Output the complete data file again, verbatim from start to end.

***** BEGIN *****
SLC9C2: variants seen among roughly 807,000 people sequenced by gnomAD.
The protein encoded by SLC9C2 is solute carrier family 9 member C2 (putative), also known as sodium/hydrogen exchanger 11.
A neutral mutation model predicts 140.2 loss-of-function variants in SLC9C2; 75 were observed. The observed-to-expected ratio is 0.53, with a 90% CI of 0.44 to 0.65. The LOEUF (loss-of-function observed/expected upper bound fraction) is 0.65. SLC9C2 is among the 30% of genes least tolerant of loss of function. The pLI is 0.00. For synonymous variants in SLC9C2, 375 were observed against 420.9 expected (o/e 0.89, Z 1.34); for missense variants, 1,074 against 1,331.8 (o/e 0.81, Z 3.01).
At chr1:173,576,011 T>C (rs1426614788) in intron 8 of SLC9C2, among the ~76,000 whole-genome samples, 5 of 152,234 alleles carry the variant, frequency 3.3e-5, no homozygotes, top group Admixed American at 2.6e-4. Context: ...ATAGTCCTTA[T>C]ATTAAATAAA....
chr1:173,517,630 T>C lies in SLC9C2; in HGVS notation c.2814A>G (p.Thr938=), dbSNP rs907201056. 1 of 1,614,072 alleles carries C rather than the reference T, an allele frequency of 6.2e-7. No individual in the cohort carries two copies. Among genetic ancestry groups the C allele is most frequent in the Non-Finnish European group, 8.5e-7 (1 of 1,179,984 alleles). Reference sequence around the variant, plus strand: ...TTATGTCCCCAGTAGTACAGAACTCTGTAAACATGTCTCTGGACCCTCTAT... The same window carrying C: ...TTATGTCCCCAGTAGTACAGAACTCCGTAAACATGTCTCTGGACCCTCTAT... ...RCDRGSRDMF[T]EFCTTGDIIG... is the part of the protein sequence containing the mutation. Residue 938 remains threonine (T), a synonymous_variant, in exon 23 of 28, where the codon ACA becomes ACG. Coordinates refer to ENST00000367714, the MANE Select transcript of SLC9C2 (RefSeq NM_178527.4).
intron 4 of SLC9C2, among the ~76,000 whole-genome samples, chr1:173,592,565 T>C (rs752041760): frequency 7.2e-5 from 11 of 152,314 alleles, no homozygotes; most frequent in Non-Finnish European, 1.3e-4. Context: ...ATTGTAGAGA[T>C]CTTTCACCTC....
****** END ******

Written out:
SLC9C2: variants seen among roughly 807,000 people sequenced by gnomAD.
The protein encoded by SLC9C2 is solute carrier family 9 member C2 (putative), also known as sodium/hydrogen exchanger 11.
A neutral mutation model predicts 140.2 loss-of-function variants in SLC9C2; 75 were observed. The observed-to-expected ratio is 0.53, with a 90% CI of 0.44 to 0.65. The LOEUF (loss-of-function observed/expected upper bound fraction) is 0.65. SLC9C2 is among the 30% of genes least tolerant of loss of function. The pLI is 0.00. For synonymous variants in SLC9C2, 375 were observed against 420.9 expected (o/e 0.89, Z 1.34); for missense variants, 1,074 against 1,331.8 (o/e 0.81, Z 3.01).
At chr1:173,576,011 T>C (rs1426614788) in intron 8 of SLC9C2, among the ~76,000 whole-genome samples, 5 of 152,234 alleles carry the variant, frequency 3.3e-5, no homozygotes, top group Admixed American at 2.6e-4. Context: ...ATAGTCCTTA[T>C]ATTAAATAAA....
chr1:173,517,630 T>C lies in SLC9C2; in HGVS notation c.2814A>G (p.Thr938=), dbSNP rs907201056. 1 of 1,614,072 alleles carries C rather than the reference T, an allele frequency of 6.2e-7. No individual in the cohort carries two copies. Among genetic ancestry groups the C allele is most frequent in the Non-Finnish European group, 8.5e-7 (1 of 1,179,984 alleles). Reference sequence around the variant, plus strand: ...TTATGTCCCCAGTAGTACAGAACTCTGTAAACATGTCTCTGGACCCTCTAT... The same window carrying C: ...TTATGTCCCCAGTAGTACAGAACTCCGTAAACATGTCTCTGGACCCTCTAT... ...RCDRGSRDMF[T]EFCTTGDIIG... is the part of the protein sequence containing the mutation. Residue 938 remains threonine (T), a synonymous_variant, in exon 23 of 28, where the codon ACA becomes ACG. Coordinates refer to ENST00000367714, the MANE Select transcript of SLC9C2 (RefSeq NM_178527.4).
intron 4 of SLC9C2, among the ~76,000 whole-genome samples, chr1:173,592,565 T>C (rs752041760): frequency 7.2e-5 from 11 of 152,314 alleles, no homozygotes; most frequent in Non-Finnish European, 1.3e-4. Context: ...ATTGTAGAGA[T>C]CTTTCACCTC....